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Workday accelerates into fiscal 2023 with a strong year end as cloud adoption gets a COVID-bounce

Stuart Lauchlan Profile picture for user slauchlan March 1, 2022
The pandemic has encouraged cloud adoption that's part of wider market trends in Workday's favor, argue Co-CEOs Bhusri and Fernandez.

Bhusri and Fernandez

An acceleration in business delivered a strong year end for Workday with Q4 revenue up 21.6% year-on-year and up 19% for the full year. This led Co-CEO Aneel Bhusri to comment:

This acceleration in our business, along with our relentless focus on employees, customers and innovation, is serving as a strong foundation for driving durable growth on our path to $10 billion in revenues and beyond.

Q4 fiscal 2022 revenue was $1.38 billion, of which subscription revenue made up $1.23 billion, with a GAAP net income loss of $73.253 million. Full year revenue was $5.14 billion, with subscription revenue coming in at $4.55 billion of that total, with a GAAP net income of $29.3 million.

Other stats of note:

  • Workday currently services north of 60 million total users across 9,500 organizations worldwide, including 4,100 core HCM and Finance customers.
  • The firm now works with over 50% of the Fortune 500 and over 23% of the Global 2000.
  • Gross retention rate is over 95%.
  • 440 billion transactions were processed within Workday across fiscal 2022, up 67% year-on-year.
  • New HCM customer wins in Q4 included Allied Financial, DICK'S Sporting Goods, National Australia Bank Limited, RiteAid Corporation, Smith Hill Foods and 7-Eleven.
  • New Finance customer wins for the quarter included Genpact Limited, Mass General Brigham, University of Melbourne and US Bank.

Customer growth internationally has improved noticeably, said Co-CEO Chano Fernandez:

We have a healthy growth across regions with significant wins at companies such as National Australia Bank, Genpact and the University of Melbourne, Power Leisure, among others. I would say as the new customer base grows internationally, we are adding sales capacity in our customer-based teams internationally as well. And finally, Peakon [the employee engagement offering acquired last year] has also helped open new customers and opportunities for us, and they had a really strong quarter in EMEA landing new customers.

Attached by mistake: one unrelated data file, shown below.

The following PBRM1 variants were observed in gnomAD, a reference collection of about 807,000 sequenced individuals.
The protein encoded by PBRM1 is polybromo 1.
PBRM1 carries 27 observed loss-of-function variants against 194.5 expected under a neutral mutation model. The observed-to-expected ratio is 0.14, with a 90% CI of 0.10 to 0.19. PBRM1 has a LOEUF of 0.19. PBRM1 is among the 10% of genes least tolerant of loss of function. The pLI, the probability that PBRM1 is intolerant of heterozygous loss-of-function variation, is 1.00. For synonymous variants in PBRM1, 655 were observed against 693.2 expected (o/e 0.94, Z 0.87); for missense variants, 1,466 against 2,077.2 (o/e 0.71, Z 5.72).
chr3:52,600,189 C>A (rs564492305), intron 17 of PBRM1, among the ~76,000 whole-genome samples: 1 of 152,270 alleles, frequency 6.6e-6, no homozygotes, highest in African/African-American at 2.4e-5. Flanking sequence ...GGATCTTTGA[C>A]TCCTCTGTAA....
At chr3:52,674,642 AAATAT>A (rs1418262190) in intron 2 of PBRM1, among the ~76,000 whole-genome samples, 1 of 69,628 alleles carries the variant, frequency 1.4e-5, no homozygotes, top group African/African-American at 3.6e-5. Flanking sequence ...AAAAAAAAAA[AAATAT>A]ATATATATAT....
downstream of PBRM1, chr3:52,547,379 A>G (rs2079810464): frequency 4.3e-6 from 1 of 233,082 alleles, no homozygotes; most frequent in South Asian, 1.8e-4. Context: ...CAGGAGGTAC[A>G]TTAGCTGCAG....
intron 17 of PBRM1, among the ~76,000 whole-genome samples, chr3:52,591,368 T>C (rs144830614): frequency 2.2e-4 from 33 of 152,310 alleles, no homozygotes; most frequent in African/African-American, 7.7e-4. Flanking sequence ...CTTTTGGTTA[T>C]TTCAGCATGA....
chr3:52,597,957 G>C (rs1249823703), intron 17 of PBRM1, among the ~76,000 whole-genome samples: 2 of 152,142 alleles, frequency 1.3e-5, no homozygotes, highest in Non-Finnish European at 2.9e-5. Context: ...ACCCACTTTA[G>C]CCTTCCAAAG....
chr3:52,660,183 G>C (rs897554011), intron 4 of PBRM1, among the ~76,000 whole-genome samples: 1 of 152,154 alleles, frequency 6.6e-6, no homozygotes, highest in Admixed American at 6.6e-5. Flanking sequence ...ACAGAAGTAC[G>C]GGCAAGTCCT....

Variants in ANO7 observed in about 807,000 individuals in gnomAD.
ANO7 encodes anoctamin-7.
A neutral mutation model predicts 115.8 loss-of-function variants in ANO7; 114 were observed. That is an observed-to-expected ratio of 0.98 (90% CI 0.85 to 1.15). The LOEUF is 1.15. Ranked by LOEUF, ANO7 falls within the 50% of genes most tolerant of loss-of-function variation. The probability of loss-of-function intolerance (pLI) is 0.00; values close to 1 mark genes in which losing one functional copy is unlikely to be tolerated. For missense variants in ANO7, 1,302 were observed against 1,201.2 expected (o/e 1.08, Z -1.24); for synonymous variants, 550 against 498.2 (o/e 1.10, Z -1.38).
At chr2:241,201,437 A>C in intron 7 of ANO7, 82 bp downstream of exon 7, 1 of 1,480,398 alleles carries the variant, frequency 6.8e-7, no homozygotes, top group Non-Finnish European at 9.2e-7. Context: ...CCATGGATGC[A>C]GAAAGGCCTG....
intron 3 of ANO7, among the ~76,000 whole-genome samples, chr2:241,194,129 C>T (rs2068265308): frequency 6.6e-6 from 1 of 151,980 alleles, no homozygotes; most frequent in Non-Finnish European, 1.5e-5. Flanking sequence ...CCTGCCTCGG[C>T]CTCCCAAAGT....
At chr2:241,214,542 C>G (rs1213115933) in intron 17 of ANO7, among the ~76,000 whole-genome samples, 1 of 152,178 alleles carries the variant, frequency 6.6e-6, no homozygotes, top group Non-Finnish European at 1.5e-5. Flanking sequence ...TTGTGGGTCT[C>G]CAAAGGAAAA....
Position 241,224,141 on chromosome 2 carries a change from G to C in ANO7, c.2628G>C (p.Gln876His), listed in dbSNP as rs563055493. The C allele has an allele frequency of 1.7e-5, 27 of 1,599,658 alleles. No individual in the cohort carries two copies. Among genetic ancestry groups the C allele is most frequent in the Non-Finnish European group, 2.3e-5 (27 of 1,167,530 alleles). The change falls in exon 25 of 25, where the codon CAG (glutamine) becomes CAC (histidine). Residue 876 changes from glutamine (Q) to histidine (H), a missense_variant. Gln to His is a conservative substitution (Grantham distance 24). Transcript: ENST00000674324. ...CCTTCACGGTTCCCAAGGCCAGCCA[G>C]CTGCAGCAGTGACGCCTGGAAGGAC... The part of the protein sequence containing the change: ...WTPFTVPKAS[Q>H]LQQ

He added:

International remains one of the largest opportunity for us and we're really in the early innings of the journey, but still having a great foundation and proof point with many referenceable customers across HCM and Financials at this point.


As for that acceleration in business, one driver here has been a sort of wider COVID-bounce effect on cloud adoption overall, suggested Bhusri:

I think for anybody that was going through the pandemic and was still on-premise, it’s really tough to run your business with those kind of applications and so, as difficult as the pandemic was, I do think it was a forcing function to move to the cloud for the ability to run your business remotely or at least in a hybrid manner, and we benefited from that.

That’s been particularly the case on the Finance side of the business, he added:

Definitely the function took a hit during COVID because [they] were viewed as longer-term projects, but those projects are coming back online very quickly. It's not back to pre-COVID days, but it's coming back, and that's a very positive data point for us. And candidly, as it relates to Finance, it really just is a two-horse race between us and Oracle - and there's plenty of room for both of us. Oracle is doing well; we're doing well. As the market comes back, there's a huge growth opportunity for both of us.

Overall, the firm enters fiscal 2023 on the front foot. Fernandez said:

In order to capitalize on that momentum, we plan to continue making significant investments within our go-to-market and service and support team with key focus areas, including customer base, international industry and emerging land motion, all of which are important growth vectors in achieving our goal of sustaining 20% plus subscription growth well into the future.

He added that there are “undeniable” wider market trends that favor Workday:

[There is] a significant amount of digital transformation happening across many businesses [and] in all industries. And we're truly the backbone to enable those transformations and really the only cloud-first solution doing so across HCM/Finance legacy systems that aren't built for the always on doing business and can't support current business models and business agility.

[Organizations] need to engage better with employees. They're changing workforce and skills understanding. So just to name a few, these are all C-level and CEO discussions that we're having, and frankly, we are really well positioned to provide solutions to those challenges and partner and help our customers to transform.

My take

A powerful year end - and also, as Bhusri revealed, something of the end of an era for Workday as co-founder and former CEO Dave Duffield has stepped down from the Board of Directors. (He remains the company’s largest shareholder and Bhusri noted he will still be on tap to provide advice to the firm he co-launched 17 years ago.)

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